If you happen to find yourself in Uwajima, you might also like to visit the curious Taga Shrine (多賀神社), which is a fertility shrine. People come here to pray for fertility related issues, and the shrine has a number of phallic objects of worship which make it a popular tourist attraction especially among foreign visitors. The shrine is also home to a collection of pornographic materials, including ukiyo-e (浮世絵) woodblock prints.
(Image source: By Vickerman625 at English Wikipedia (Transferred from en.wikipedia to Commons.) [Public domain], via Wikimedia Commons)
Finally, I have to mention the Shimanami Kaido (しまなみ海道). I have already mentioned the Shimanami Kaido in my Hiroshima post back in September, when I talked about Onomichi which is the starting point. Now we’re at the other end of the 60 kilometre long toll road that connects Honshu to Shikoku passing over six small islands in the Seto Inland Sea (瀬戸内海). The finishing point in Shikoku is Imabari (今治市), which is the second largest city in Ehime Prefecture. This is a common cycling challenge for those living in or visiting Japan, and it must be wonderful to see such beautiful views as you’re cycling across the islands. Every time I think about the Shimanami Kaido I wish I rode a bike, or I wish there was a walking route alongside the cycle route. There’s a great website all about the Shimanami Kaido here.
Ehime seems like a pretty cool prefecture, and I have a feeling Matsuyama is going to be one of the highlights of my upcoming trip!
The Omiyage Section
Sometimes it can be really hard to find out what a prefecture’s key souvenirs (or ‘omiyage’ / おみやげ) are, but this week I found a great website explaining all about the key products to buy in Ehime! Ehime is one of the leading producers of mandarin oranges, known as ‘mikan’ in Japanese. Expect to find mikan flavoured sweets in all the omiyage shops! Imabari is a top producer of towels, and if it’s fabrics and textiles you like, Matsuyama is known for its ‘Iyo-Kasuri’ or ‘splashed pattern’ textiles. Imabari is also known for its Sakurai lacuerware, dating back about 200 years. Matsuyama seems to be a good place to get sweets. It’s famous for ‘Tart’ – a sponge roll cake originating in the 1600s, filled with my favourite azuki beans and citron and also ‘Botchan Dango’, rice dumplings named after the famous novel ‘Botchan’ (坊っちゃん) by Natsume Soseki (夏目 漱石). In the novel, Botchan eats some dango on the way back from Dogo Onsen: “One evening, I went to a place called Dogo and ate dango. This Dogo is a town famous for its hot spring, and it is well known that the dango shop I dropped into serves a very tasty dango, which I found quite satisfactory.” Another popular Matsuyama souvenir (one that I’m sure I will buy as I love Japanese traditional dolls!) is the ‘Himedaruma’. These round dolls are more commonly male and known simply as ‘daruma’, but in Matsuyama there are unique female versions known as ‘Himedaruma’. ‘hime’ means princess, and the name is said to refer to the Empress Jingu (神功皇后) who discovered she was pregnant whilst at Dogo Onsen and had a doll made as an offering to the gods for a safe delivery.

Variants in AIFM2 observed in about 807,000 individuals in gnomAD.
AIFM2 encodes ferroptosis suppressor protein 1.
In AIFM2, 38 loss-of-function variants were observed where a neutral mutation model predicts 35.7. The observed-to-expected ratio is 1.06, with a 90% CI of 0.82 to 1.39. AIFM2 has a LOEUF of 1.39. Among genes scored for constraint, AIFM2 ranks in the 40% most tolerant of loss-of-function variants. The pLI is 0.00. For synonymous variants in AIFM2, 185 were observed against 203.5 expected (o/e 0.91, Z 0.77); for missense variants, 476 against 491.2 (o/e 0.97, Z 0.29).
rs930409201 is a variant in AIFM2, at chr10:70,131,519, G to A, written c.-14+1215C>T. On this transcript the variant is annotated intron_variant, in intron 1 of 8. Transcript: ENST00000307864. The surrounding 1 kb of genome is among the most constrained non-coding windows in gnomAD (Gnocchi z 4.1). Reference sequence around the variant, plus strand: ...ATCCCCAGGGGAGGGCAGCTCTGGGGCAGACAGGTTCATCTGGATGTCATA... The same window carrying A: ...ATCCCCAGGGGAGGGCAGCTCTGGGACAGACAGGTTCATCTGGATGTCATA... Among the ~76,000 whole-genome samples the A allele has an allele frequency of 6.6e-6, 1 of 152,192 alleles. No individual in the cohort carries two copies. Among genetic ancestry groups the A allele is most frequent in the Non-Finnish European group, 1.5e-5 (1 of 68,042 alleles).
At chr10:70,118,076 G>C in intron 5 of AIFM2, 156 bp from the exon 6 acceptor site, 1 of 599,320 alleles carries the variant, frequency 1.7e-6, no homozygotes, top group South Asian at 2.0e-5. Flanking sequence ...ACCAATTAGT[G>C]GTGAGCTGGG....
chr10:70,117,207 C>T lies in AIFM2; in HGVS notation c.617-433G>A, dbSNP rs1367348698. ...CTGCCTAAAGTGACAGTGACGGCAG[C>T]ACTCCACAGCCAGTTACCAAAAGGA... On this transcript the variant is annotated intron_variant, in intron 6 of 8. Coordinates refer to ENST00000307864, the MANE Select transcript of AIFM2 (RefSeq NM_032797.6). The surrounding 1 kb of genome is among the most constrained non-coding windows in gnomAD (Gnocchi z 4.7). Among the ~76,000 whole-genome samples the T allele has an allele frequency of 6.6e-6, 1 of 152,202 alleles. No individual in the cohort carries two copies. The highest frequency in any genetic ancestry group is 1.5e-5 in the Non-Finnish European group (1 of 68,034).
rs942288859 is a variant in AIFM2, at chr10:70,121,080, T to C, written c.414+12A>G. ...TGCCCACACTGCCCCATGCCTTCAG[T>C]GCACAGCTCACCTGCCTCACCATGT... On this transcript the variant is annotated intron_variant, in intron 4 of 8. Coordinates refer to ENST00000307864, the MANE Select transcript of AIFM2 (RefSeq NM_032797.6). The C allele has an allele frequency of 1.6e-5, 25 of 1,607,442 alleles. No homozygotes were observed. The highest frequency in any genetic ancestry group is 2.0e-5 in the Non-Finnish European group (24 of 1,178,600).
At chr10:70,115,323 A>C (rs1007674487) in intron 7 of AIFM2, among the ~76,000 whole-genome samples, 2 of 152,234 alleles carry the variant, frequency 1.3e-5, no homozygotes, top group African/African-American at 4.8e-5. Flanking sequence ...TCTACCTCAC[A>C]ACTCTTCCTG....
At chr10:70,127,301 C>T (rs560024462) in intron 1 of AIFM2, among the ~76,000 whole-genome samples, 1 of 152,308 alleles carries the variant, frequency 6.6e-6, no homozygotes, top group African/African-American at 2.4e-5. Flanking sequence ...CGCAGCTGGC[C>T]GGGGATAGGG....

Next week I will be writing about Kochi (高知県), the last of Shikoku’s prefectures and my last post in this series for this year. I will be pausing after Shikoku and leaving Kyushu for 2016, as I have adventures to have for the next month or so! So let’s make this post a good one! Have you been to Kochi? What’s good to eat there and what omiyage should I buy? What are the best sightseeing spots or hidden gems? Please do share your thoughts below, and join me next week for Japan by Prefecture!